Just research and development time. Hosting costs are negligible.
Those are the status dashboards we know about and that are still somewhat in active development:
- cstate, Hugo-based static site generator, tag-based RSS feeds, easy setup on Netlify, GitLab CI integration, badges, read only API
- MySQL database
- email notifications
- not distributed
- no Nagios integration
- no Twitter notifications
- user-friendly - seems to be even nicer than Cachet, as there are links to individual announcements and notifications
- no LDAP support
- similar performance problems than Cachet
Those were previously evaluated in a previous life but ended up being abandoned upstream:
- Overseer - used at Disqus.com, Python/Django, user-friendly/simple, administrator non-friendly, twitter integration, Apache2 license, development stopped, Disqus replaced it with Statuspage.io
- Stashboard - used at Twilio, MIT license, demo, Twitter integration, REST API, abandon-ware, no authentication, no Unicode support, depends on Google App engine, requires daily updates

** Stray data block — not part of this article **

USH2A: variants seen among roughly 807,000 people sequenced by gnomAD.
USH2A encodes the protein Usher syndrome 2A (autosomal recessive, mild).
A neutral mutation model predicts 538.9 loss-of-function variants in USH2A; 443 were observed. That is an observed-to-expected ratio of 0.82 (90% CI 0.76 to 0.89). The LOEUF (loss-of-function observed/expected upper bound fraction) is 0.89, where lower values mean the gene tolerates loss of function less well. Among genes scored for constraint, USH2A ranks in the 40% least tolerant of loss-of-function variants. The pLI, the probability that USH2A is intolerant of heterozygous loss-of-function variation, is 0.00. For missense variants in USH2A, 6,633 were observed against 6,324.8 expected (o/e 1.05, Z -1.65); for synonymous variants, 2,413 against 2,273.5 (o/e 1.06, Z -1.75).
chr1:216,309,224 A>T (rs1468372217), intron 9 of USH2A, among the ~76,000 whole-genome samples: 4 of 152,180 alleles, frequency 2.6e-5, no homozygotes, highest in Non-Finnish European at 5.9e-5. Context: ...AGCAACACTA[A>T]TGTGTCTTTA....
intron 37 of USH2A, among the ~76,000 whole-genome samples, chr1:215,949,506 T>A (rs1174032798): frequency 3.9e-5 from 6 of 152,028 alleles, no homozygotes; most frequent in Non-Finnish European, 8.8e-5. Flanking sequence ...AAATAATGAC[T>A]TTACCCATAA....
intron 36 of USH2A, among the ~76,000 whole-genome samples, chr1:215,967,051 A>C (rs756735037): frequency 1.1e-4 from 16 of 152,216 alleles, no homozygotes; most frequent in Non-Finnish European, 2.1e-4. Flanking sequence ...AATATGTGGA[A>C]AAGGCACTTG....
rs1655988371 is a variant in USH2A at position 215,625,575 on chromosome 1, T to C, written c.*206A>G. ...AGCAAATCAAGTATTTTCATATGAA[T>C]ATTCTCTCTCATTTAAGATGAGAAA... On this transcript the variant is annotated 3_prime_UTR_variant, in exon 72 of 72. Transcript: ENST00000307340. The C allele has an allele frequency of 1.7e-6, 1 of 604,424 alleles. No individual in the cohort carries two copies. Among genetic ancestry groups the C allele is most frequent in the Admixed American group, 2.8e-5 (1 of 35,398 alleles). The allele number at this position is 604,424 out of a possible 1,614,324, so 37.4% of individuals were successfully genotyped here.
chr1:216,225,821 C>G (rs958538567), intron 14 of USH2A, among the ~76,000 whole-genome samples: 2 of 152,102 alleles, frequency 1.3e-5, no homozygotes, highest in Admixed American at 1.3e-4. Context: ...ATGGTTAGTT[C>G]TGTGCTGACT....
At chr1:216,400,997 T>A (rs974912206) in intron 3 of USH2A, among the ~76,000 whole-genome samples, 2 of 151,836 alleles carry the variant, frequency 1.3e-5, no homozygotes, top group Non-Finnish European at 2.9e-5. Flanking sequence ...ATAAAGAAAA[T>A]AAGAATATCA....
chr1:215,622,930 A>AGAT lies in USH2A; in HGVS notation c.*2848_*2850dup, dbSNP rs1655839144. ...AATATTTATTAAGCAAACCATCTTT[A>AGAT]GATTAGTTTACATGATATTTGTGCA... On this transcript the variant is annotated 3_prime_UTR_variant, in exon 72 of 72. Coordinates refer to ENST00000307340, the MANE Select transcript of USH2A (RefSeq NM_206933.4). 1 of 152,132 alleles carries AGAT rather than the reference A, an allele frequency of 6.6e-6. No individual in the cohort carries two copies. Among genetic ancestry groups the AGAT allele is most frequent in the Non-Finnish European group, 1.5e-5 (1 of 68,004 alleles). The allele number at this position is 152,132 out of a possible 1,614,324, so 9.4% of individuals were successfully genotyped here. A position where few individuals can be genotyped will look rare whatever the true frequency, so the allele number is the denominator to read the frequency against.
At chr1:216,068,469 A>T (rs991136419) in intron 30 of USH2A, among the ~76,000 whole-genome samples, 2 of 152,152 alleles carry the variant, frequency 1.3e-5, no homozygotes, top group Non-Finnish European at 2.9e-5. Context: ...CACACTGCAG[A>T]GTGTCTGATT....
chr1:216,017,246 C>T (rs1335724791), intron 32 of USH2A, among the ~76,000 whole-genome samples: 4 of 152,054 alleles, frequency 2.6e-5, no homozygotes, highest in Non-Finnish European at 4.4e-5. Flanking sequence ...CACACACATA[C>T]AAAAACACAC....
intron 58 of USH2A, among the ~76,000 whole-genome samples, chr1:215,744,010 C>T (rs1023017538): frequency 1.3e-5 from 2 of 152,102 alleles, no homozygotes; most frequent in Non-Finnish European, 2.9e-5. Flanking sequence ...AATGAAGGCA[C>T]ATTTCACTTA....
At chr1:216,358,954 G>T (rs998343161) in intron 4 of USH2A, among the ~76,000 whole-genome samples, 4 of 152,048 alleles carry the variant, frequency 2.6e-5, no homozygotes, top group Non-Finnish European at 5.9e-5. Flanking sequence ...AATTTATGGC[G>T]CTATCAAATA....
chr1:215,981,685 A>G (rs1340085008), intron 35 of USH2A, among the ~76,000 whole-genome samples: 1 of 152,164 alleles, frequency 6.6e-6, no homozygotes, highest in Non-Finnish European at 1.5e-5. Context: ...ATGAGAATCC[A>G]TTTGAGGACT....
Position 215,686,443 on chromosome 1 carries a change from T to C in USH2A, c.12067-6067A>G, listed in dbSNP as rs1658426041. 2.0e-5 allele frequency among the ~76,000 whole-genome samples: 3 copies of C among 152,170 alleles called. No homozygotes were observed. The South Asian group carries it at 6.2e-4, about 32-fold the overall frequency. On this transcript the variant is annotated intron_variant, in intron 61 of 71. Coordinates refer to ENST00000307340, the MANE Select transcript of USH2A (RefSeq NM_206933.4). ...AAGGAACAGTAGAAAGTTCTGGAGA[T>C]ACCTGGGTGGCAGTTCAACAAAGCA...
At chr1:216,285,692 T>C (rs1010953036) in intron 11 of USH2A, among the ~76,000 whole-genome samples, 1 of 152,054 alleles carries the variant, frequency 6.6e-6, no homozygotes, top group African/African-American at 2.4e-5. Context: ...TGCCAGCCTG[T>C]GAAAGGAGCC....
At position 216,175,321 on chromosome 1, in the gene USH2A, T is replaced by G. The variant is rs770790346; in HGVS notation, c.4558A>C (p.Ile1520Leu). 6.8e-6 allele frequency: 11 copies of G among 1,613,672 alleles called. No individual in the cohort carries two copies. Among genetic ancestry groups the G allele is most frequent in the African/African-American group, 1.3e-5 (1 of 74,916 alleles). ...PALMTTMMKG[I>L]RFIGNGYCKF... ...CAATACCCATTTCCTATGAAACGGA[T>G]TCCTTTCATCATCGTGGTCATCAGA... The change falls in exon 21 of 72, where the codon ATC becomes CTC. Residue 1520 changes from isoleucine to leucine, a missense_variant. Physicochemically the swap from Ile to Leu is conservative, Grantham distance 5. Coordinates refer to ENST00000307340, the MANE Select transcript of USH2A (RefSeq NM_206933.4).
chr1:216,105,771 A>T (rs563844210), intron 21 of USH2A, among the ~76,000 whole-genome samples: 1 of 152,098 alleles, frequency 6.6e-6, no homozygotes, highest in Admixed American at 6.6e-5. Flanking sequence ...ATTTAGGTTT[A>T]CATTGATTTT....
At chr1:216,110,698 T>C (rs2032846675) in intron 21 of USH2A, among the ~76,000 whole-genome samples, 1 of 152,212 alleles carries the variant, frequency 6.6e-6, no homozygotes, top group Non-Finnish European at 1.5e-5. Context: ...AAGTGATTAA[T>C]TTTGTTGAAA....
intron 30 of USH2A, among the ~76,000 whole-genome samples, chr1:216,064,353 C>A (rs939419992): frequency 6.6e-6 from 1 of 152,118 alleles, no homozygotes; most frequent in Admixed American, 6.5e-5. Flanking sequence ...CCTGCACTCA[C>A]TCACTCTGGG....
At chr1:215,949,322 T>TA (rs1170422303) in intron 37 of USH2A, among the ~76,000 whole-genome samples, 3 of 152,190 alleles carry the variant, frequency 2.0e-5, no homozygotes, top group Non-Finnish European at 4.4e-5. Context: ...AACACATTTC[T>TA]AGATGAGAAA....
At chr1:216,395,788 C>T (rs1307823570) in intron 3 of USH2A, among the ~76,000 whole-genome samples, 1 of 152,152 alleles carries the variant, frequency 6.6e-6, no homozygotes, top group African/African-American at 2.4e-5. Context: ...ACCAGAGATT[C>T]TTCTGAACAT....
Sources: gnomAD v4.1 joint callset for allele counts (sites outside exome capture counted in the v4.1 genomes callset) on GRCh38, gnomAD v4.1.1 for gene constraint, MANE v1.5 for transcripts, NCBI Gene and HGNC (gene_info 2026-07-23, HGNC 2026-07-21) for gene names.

Baobab - previously used at Gandi, replaced with
statuspage.io, Django based
Those were discarded because they do not provide an "out of the box" experience:
- use Jenkins to run jobs that check a bunch of things and report a user-friendly status?
- just use a social network account (e.g. Twitter)
- "just use the wiki"
- use Drupal ("there's a module for that")
- roll our own with Lektor, e.g. using this template
- Amazon Service Health Dashboard
- Disqus - based on statuspage.io
- GitLab - based on status.io
- Github - "Battle station fully operational", auto-refresh, twitter-connected, simple color coded (see this blog post for more details), not open-source (confirmed in personal email between GitHub support and anarcat on 2013-05-02)
- Potager.org - ikiwiki based
- Riseup.net - RSS feeds
- Signal - simple, plain HTML page
- sr.ht - cState
- Twilio - email, slack, RSS subscriptions, lots of services shown
- Wikimedia - based on proprietary nimsoft software, deprecated in favor of Grafana